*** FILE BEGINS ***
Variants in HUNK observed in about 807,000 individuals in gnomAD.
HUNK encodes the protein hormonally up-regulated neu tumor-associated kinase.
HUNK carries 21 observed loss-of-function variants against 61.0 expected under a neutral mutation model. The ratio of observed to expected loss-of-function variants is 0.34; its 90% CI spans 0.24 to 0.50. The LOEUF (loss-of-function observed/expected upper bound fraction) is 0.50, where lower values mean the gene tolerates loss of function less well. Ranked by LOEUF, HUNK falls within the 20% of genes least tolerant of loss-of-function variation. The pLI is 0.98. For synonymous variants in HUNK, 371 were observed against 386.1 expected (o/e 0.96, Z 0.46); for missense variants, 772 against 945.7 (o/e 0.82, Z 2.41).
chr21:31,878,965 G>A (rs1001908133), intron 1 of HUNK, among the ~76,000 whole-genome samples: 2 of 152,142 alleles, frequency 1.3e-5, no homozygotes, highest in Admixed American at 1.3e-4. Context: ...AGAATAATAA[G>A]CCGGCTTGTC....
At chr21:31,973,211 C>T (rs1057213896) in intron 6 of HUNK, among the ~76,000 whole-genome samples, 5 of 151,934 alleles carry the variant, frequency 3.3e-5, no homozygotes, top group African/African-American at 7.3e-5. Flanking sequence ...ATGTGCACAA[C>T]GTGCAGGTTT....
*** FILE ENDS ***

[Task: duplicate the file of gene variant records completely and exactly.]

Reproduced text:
Variants in HUNK observed in about 807,000 individuals in gnomAD.
HUNK encodes the protein hormonally up-regulated neu tumor-associated kinase.
HUNK carries 21 observed loss-of-function variants against 61.0 expected under a neutral mutation model. The ratio of observed to expected loss-of-function variants is 0.34; its 90% CI spans 0.24 to 0.50. The LOEUF (loss-of-function observed/expected upper bound fraction) is 0.50, where lower values mean the gene tolerates loss of function less well. Ranked by LOEUF, HUNK falls within the 20% of genes least tolerant of loss-of-function variation. The pLI is 0.98. For synonymous variants in HUNK, 371 were observed against 386.1 expected (o/e 0.96, Z 0.46); for missense variants, 772 against 945.7 (o/e 0.82, Z 2.41).
chr21:31,878,965 G>A (rs1001908133), intron 1 of HUNK, among the ~76,000 whole-genome samples: 2 of 152,142 alleles, frequency 1.3e-5, no homozygotes, highest in Admixed American at 1.3e-4. Context: ...AGAATAATAA[G>A]CCGGCTTGTC....
At chr21:31,973,211 C>T (rs1057213896) in intron 6 of HUNK, among the ~76,000 whole-genome samples, 5 of 151,934 alleles carry the variant, frequency 3.3e-5, no homozygotes, top group African/African-American at 7.3e-5. Flanking sequence ...ATGTGCACAA[C>T]GTGCAGGTTT....